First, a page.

When President Obama makes his first extended trip to sub-Saharan Africa this month, the federal agencies charged with keeping him safe won’t be taking any chances.
Hundreds of U.S. Secret Service agents will be dispatched to secure facilities in Senegal, South Africa and Tanzania. A Navy aircraft carrier or amphibious ship, with a fully staffed medical trauma center, will be stationed offshore in case of an emergency.
Military cargo planes will airlift in 56 support vehicles, including 14 limousines and three trucks loaded with sheets of bulletproof glass to cover the windows of the hotels where the first family will stay. Fighter jets will fly in shifts, giving 24-hour coverage over the president’s airspace, so they can intervene quickly if an errant plane gets too close.
The elaborate security provisions — which will cost the government tens of millions of dollars — are outlined in a confidential internal planning document obtained by The Washington Post. While the preparations appear to be in line with similar travels in the past, the document offers an unusual glimpse into the colossal efforts to protect the U.S. commander-in-chief on trips abroad.
Any journey by the president, such as one scheduled next week for Northern Ireland and Germany, is an immense and costly logistical challenge. But the trip to Africa is complicated by a confluence of factors that could make it one of the most expensive of Obama’s tenure, according to people familiar with the planning.
The first family is making back-to-back stops from June 26 to July 3 in three countries where U.S. officials are providing nearly all the resources, rather than depending heavily on local police forces, military authorities or hospitals for assistance.
The president and first lady had also planned to take a Tanzanian safari as part of the trip, which would have required the president’s special counterassault team to carry sniper rifles with high-caliber rounds that could neutralize cheetahs, lions or other animals if they became a threat, according to the planning document.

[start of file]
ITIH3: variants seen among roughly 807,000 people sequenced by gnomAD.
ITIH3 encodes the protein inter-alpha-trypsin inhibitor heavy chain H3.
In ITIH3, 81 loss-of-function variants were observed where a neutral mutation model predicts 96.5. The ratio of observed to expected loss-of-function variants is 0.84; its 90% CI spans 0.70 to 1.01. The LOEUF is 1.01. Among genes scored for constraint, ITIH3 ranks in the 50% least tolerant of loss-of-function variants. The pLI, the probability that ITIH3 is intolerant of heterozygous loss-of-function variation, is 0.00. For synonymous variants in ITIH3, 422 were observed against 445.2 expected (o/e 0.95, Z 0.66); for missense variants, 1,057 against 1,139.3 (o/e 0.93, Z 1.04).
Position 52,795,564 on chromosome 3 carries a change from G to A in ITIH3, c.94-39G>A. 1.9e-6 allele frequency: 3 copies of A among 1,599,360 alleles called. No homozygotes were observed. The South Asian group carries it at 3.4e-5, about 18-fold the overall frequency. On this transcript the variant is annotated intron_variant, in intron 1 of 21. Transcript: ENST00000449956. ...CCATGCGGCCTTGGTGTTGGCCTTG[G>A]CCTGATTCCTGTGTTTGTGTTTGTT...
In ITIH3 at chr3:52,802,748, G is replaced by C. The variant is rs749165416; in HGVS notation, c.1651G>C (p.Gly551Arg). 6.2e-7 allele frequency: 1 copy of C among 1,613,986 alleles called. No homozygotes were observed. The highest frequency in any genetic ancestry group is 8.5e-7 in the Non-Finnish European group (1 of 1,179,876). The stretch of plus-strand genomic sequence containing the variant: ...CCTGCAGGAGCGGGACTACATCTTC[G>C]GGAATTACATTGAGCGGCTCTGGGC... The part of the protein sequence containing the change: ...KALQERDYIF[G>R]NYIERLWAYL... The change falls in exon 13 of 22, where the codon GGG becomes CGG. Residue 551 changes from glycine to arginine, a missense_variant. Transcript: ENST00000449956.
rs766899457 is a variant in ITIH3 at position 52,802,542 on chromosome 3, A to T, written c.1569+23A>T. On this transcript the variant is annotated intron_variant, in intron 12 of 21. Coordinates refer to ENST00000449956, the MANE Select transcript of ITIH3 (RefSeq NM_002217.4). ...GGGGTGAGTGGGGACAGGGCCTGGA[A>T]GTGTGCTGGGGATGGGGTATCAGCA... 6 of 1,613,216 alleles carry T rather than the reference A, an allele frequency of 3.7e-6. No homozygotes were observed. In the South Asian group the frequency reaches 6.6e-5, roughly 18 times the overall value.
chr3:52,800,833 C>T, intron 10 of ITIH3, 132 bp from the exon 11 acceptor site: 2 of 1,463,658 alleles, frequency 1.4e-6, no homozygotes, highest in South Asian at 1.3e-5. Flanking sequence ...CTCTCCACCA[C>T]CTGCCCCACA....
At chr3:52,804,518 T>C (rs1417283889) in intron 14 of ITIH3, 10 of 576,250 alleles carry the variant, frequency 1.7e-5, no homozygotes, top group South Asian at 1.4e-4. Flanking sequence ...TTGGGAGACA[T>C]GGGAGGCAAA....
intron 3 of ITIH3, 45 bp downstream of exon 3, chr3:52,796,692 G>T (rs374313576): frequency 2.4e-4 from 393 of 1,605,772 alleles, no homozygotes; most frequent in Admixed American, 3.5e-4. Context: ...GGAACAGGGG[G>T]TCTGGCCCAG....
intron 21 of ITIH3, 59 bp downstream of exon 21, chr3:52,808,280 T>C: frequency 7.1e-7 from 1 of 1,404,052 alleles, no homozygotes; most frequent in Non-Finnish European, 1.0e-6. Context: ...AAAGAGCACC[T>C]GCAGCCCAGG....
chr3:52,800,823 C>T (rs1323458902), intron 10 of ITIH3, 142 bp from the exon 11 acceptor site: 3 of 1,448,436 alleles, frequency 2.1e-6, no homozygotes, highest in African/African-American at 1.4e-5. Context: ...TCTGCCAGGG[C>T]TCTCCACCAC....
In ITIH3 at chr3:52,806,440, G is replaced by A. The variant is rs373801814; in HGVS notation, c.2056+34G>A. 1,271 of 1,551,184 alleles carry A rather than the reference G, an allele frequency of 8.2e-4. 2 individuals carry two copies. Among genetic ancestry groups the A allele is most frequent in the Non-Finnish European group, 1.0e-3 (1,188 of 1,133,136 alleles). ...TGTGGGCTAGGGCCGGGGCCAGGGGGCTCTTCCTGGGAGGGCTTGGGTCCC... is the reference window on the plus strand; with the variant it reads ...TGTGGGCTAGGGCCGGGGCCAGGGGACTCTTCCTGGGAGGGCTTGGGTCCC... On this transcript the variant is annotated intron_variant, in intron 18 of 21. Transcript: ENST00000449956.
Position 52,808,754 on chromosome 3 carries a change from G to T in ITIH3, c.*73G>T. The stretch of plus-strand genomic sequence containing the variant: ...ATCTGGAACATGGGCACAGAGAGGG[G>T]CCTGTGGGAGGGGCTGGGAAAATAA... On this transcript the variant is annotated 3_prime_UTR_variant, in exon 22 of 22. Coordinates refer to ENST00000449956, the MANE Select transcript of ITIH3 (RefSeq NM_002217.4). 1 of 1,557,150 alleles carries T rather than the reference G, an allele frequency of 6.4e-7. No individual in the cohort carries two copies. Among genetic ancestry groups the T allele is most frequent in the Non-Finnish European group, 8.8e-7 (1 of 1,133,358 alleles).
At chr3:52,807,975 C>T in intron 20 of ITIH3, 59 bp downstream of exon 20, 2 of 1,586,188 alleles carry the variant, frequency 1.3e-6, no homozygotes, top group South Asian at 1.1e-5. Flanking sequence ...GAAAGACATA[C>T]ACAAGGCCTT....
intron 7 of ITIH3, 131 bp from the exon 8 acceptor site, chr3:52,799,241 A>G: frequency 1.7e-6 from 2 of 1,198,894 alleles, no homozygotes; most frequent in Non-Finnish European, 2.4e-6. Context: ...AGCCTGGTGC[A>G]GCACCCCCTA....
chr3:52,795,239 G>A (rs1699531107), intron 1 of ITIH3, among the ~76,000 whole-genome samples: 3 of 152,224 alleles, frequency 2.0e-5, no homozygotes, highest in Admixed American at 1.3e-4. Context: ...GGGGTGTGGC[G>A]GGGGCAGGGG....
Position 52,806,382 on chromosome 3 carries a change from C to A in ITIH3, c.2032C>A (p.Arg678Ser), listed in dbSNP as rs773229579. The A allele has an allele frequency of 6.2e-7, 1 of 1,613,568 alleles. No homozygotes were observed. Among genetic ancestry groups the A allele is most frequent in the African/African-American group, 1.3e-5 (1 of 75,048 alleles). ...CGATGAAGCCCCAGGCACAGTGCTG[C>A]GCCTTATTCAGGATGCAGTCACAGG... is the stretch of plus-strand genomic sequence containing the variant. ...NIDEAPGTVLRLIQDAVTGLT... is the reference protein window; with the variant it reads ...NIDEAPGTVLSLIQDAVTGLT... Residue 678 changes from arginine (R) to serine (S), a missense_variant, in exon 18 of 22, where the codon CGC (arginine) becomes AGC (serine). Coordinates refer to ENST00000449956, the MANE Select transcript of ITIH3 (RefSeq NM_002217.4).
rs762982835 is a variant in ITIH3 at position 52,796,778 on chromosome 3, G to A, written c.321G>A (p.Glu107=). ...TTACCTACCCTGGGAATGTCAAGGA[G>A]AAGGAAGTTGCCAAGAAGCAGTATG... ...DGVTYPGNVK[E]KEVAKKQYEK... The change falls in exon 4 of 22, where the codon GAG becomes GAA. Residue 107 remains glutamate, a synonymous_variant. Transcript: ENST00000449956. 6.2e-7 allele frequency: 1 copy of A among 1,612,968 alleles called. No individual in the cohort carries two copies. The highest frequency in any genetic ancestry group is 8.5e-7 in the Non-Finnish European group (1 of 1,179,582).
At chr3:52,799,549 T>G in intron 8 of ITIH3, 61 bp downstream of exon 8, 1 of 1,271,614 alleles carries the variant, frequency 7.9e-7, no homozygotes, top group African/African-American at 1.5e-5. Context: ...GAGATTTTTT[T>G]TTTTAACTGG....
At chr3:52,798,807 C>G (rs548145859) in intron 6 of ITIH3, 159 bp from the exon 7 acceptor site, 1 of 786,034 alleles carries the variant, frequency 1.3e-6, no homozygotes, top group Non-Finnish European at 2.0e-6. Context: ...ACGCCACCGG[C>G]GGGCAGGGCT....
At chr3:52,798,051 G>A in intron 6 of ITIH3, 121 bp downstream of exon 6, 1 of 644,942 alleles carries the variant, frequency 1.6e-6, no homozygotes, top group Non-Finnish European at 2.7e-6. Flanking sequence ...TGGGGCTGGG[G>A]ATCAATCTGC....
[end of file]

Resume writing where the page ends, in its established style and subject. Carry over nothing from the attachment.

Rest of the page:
But officials said Thursday that the safari had been canceled in favor of a trip to Robben Island off the coast of Cape Town, South Africa, where Nelson Mandela was held as a political prisoner.
When The Post first asked White House officials about the safari last week, they said no final decision had been made. A White House official said Thursday that the cancellation was not related to The Post’s inquiries.
“We do not have a limitless supply of assets to support presidential missions, and we prioritized a visit to Robben Island over a two-hour safari in Tanzania,” said spokesman Josh Earnest. “Unfortunately, we couldn’t do both.”
Internal administration documents circulated in April show that the Obama family was scheduled to go to both Robben Island and the safari park, according to a person familiar with the plans.
Former presidents Bill Clinton and George W. Bush also made trips to multiple African nations involving similarly laborious preparations. Bush went in 2003 and 2008, bringing his wife on both occasions. Bush’s two daughters went along on the first trip, which included a safari at a game preserve on the Botswana-South Africa border.
“Even in the most developed places of Western Europe, the level of support you need for mass movements by the president is really extraordinary,” said Steve Atkiss, who coordinated travel as special assistant for operations to Bush. “As you go farther afield, to less-developed places, certainly it’s more of a logistical challenge.”
White House and Secret Service officials declined to discuss the details of the security operations, and administration aides cautioned that the president’s itinerary is not finalized.
Obama’s overseas travels come as government agencies, including the Secret Service, are wrestling with mandatory, across-the-board spending cuts. The service has had to slice $84 million from its budget this year, and this spring the agency canceled public White House tours to save $74,000 a week in overtime costs.
Many details about foreign presidential trips are classified for national security reasons, and there is little public information about overall costs. A report from the Government Accountability Office found that Clinton’s 1998 trip to six African nations cost the U.S. government at least $42.7 million. Most of that was incurred by the military, which made 98 airlift missions to transport personnel and vehicles, and set up temporary medical evacuation units in five countries.
That figure did not include costs borne by the Secret Service, which were considered classified.